FAA tests new data and e-mail system to reduce flight delays in US

21 May 2015 (Last Updated May 21st, 2015 18:30)

The US Federal Aviation Administration (FAA) is conducting trials at the Newark, Tennessee and Memphis airports, to demonstrate capabilities and benefits of its NextGen data and e-mail system.

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The US Federal Aviation Administration (FAA) is conducting trials at the Newark, Tennessee and Memphis airports, to demonstrate capabilities and benefits of its NextGen data and e-mail system.

Once in use, the Data Communications (Data Comm) technology is expected to reduce airline delays by simplifying the communication between pilots and air traffic controllers (ATC) that are required before a flight take-off.

The new technology will also help in modifying changes in flight routes more quickly during turbulent weather, a major cause of airline delays.

"Better communication improves controller and pilot productivity, which enhances airspace capacity and reduces flight delays."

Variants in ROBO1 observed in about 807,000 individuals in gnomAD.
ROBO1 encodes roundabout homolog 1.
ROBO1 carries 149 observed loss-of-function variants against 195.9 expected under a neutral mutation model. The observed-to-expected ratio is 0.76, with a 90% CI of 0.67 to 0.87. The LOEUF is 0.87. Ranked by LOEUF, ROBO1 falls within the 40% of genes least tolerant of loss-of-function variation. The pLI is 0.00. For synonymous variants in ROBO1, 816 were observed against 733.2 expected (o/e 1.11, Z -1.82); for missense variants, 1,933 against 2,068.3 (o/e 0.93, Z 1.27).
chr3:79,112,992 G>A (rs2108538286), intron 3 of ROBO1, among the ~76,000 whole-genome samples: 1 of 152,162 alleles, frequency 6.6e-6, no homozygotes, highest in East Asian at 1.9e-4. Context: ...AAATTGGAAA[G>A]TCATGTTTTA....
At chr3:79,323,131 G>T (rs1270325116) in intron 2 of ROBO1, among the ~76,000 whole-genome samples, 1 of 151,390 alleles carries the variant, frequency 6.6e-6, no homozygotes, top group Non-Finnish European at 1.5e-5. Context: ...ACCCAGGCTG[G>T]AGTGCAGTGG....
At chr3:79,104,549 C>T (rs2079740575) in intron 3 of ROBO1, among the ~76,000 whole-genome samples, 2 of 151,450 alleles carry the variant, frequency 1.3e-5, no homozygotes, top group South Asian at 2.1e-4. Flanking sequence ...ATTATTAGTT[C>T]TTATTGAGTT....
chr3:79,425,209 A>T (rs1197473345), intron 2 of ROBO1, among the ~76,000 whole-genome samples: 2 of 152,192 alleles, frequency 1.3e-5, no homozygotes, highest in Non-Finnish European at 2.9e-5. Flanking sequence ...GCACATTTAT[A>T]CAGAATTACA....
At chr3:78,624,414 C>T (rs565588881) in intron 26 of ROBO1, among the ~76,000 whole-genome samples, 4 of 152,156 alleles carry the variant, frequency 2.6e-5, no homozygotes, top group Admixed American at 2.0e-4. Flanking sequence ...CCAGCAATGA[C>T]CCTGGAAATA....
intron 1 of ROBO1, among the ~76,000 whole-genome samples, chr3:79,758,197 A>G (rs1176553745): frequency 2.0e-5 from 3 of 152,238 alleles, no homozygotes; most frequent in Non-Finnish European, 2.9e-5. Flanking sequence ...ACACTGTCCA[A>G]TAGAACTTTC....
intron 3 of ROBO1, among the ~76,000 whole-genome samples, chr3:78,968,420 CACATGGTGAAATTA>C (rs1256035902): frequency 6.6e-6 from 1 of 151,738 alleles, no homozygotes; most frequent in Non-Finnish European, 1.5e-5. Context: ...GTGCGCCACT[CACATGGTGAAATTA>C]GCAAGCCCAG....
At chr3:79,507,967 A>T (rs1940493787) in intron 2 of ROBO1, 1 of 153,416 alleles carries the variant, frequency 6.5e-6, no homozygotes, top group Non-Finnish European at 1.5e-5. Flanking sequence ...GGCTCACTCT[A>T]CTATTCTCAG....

The communication system employs digital information exchange to provide additional advanced capabilities for controller-to-pilot communications.

The new system promises to unclog airports, save the money of airlines and reduce emissions and will be deployed in more than 50 ATC towers beginning this year, and in ATC facilities that manage high altitude traffic from 2019.

FAA said in a statement: "By exchanging digital messages in addition to talking to each other over the radio, air traffic controllers, pilots, and airline operations centers can communicate more clearly and efficiently.

"Better communication improves controller and pilot productivity, which enhances airspace capacity and reduces flight delays."

Supported by FedEx, United Airlines and UPS, the trial has already shown a reduction in delays and cost savings primarily due to reduced communication time between controllers and pilots and enhanced re-routing around weather and congestion.

FAA is expected to invest around $741m to equip airport towers with the system, followed by another $800m to bring the system to its regional centres managing high-altitude flights, Bloomberg reported.


Image: An aerial view of the Newark Liberty International Airport in New Jersey. Photo: courtesy of Fan Railer.